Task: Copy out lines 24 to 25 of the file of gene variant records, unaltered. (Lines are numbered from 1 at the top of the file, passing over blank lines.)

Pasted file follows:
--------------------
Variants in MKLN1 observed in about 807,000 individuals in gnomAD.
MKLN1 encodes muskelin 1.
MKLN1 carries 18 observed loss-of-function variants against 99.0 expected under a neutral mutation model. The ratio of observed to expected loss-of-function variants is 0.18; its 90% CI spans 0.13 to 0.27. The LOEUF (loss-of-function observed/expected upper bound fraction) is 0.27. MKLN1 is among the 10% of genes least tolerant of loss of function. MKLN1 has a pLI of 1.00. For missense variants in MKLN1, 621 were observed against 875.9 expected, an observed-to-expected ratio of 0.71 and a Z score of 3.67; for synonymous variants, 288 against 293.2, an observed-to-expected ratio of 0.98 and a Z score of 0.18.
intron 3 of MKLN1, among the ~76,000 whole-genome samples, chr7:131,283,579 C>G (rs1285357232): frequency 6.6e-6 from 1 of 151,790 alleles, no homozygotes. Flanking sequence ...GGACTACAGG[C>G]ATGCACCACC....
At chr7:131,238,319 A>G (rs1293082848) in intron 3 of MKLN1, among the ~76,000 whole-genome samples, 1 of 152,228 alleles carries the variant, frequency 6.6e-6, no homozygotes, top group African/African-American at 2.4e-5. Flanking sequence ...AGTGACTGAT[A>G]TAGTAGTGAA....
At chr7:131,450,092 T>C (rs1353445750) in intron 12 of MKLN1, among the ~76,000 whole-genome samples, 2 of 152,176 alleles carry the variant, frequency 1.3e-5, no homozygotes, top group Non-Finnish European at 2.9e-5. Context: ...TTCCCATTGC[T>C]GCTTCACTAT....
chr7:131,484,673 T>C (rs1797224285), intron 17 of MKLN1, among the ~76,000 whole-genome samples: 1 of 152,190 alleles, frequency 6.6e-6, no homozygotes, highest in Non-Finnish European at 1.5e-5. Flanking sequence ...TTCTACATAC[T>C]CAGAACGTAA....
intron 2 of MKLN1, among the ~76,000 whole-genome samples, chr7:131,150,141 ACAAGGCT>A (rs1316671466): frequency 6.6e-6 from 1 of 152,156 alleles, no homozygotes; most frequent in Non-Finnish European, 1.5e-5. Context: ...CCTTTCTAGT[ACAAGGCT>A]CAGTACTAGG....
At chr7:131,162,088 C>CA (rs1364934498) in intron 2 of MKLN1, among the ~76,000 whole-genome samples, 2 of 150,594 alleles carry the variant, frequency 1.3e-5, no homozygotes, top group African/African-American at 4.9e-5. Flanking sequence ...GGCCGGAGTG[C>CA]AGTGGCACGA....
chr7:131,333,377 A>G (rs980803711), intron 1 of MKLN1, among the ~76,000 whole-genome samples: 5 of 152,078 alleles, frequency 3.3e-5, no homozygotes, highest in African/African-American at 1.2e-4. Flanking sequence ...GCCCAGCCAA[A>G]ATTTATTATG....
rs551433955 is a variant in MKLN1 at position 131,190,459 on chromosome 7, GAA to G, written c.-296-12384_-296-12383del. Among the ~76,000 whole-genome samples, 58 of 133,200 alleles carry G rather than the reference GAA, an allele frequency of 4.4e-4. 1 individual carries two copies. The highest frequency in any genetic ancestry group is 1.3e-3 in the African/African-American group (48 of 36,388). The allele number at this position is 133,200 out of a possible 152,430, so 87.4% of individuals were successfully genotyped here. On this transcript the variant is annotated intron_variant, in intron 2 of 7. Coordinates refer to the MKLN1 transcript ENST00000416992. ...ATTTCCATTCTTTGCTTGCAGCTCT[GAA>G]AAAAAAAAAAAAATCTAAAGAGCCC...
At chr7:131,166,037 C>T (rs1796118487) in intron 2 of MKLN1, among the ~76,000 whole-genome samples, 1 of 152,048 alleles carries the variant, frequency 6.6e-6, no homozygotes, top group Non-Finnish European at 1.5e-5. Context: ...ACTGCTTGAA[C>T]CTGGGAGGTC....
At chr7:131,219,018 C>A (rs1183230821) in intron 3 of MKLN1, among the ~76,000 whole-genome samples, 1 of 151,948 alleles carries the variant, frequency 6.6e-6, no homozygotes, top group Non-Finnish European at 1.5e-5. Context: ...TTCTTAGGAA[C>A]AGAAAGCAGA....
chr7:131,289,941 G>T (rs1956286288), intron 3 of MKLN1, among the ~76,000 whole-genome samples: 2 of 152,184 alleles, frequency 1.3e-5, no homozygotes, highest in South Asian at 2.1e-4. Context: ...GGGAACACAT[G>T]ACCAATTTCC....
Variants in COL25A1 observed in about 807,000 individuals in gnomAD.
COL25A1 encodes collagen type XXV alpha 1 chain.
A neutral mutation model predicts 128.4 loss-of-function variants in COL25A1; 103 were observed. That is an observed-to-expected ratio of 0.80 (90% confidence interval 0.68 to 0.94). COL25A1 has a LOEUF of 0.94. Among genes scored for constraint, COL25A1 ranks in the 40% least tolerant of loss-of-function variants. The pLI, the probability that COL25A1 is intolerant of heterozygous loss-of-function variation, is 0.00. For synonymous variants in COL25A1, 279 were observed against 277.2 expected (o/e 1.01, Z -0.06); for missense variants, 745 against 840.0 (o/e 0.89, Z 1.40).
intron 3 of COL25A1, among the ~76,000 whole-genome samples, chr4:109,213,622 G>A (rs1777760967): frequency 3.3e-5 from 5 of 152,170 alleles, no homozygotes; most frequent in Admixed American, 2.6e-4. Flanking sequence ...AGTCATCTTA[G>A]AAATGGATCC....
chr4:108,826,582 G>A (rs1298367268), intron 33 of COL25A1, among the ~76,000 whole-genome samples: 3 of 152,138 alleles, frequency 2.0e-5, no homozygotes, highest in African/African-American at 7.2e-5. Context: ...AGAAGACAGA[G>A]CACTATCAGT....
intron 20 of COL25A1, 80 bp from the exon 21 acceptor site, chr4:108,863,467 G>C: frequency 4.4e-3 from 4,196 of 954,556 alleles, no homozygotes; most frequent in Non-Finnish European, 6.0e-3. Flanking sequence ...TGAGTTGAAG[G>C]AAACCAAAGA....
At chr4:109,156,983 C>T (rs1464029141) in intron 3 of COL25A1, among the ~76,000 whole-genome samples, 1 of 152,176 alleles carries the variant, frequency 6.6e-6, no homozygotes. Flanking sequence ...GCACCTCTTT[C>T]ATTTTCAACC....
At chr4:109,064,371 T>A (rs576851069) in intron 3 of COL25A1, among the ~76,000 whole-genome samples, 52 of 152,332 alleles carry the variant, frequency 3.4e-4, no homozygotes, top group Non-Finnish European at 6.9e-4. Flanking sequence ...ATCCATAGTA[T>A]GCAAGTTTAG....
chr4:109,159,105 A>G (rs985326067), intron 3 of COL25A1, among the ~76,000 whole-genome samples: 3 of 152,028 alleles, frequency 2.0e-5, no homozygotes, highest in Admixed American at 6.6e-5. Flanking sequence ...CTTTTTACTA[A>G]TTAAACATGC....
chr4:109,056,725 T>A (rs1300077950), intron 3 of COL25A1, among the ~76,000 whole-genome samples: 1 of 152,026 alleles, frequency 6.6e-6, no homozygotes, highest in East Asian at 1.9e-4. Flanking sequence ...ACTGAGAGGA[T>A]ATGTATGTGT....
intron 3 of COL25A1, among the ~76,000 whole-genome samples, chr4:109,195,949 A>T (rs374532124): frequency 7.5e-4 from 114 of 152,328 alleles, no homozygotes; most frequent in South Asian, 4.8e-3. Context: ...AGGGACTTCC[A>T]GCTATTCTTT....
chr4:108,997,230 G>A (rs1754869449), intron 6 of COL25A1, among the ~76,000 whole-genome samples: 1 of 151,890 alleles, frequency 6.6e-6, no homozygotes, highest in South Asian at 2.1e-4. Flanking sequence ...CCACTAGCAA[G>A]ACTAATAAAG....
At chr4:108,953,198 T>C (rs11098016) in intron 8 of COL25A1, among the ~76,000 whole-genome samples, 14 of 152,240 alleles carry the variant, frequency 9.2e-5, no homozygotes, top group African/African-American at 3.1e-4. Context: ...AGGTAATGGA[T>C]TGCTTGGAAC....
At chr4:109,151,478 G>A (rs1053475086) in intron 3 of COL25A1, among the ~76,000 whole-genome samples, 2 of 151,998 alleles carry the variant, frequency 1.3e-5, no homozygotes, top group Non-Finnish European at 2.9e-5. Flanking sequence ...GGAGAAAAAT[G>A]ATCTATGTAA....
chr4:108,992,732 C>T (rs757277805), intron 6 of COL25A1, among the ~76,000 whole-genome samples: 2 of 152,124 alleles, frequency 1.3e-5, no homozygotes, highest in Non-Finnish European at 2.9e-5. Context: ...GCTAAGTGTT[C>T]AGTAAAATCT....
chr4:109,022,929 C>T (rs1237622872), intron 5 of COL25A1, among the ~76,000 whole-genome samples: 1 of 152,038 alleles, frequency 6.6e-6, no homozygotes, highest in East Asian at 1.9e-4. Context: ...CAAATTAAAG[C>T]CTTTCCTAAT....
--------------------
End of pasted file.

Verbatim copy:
chr4:109,056,725 T>A (rs1300077950), intron 3 of COL25A1, among the ~76,000 whole-genome samples: 1 of 152,026 alleles, frequency 6.6e-6, no homozygotes, highest in East Asian at 1.9e-4. Flanking sequence ...ACTGAGAGGA[T>A]ATGTATGTGT....
intron 3 of COL25A1, among the ~76,000 whole-genome samples, chr4:109,195,949 A>T (rs374532124): frequency 7.5e-4 from 114 of 152,328 alleles, no homozygotes; most frequent in South Asian, 4.8e-3. Context: ...AGGGACTTCC[A>T]GCTATTCTTT....